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When I arrived last evening, I walked up to our old friend Cozzens's; meantime Thayer had gone to the boat to meet me, and we missed one another. In a few moments, however, he came in, and ordered my luggage to his house, where I am established in great comfort and quiet. . . . . The examination is a very laborious business, and will prove, no doubt, tedious to most of those concerned in it. To me, who must keep the records and write the reports, it will give too much occupation to permit me to be very dull. What we have done to-day has been rather interesting.

Precisely at nine o'clock the whole Staff of the Academy assembled at Thayer's house, in full uniform. I was presented to them, and when this little ceremony was over we all went to Cozzens's, where all were presented to the rest of the Board of Examiners. The Board then went to a room by itself, and was called to order by Commodore Bainbridge, and General Houston, being the chief military personage on the ground, was chosen President; though for the rest, he is a pretty coarse Tennessean, who tries to be kind, good-natured, and even elegant. . . . . The other members are pleasant enough, particularly the three commodores, Bainbridge, Chauncey, and Jones, who are very agreeable indeed, and Colonel White of Florida, who proves an amiable, gentlemanlike man.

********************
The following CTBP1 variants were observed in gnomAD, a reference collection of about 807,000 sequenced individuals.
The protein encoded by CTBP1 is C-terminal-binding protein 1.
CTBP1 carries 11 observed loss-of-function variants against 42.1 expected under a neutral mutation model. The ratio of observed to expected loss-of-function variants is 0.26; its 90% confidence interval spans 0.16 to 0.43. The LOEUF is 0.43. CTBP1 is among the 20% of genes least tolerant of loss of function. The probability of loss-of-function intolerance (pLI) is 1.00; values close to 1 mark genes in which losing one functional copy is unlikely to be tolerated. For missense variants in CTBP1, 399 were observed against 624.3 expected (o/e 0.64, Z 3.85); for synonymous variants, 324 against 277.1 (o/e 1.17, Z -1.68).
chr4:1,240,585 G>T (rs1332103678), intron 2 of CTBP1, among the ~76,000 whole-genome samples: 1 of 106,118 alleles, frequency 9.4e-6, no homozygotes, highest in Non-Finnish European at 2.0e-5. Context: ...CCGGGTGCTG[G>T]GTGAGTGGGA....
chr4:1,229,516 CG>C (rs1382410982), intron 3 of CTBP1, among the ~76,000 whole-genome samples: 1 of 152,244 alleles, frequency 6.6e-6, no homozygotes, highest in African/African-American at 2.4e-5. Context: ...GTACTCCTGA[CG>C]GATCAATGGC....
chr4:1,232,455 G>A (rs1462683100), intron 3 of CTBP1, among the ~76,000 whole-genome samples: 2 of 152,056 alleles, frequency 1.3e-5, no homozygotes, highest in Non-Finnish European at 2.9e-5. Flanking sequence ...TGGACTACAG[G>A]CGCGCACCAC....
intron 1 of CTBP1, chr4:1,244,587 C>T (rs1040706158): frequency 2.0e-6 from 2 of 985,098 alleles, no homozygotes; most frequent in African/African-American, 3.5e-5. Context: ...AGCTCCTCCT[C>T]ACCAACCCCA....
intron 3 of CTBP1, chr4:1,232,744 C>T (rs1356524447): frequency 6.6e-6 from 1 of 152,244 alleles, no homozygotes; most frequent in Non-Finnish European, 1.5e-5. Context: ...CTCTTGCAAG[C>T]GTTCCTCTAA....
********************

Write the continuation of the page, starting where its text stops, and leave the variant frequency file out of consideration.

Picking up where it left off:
We went forthwith to the examination, which was extremely thorough. Thirteen young men were under the screw four hours, on a single branch, and never less than four on the floor, either drawing on the blackboard or answering questions every moment, so that each one had above an hour's work to go through; and, as I said, in a single branch. It was the lowest section of the upper class, but no mistake was made, except by one Cadet. Of course it was as nearly perfect as anything of the kind ever was. The manner, too, was quite remarkable. The young men do not rise when they answer; they are all addressed as Mr. So-and-so; and when the drum beat outside for one o'clock, Colonel Thayer adjourned the examination while a Cadet was speaking, so exactly is everything done here. We dined at Cozzens's, and the examination was continued in the afternoon till seven o'clock.

My residence at Thayer's is extremely agreeable; that is, the little time I pass there. He seems to feel towards me just as he did nineteen years ago, just as if we had never been separated. The house is perfectly quiet, and there is a good deal of dignity in the sort of solitude in which he lives, and without any female attendant, yet with the most perfect neatness, order, and comfort, in all his arrangements.

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Sylvanus Thayer (3)
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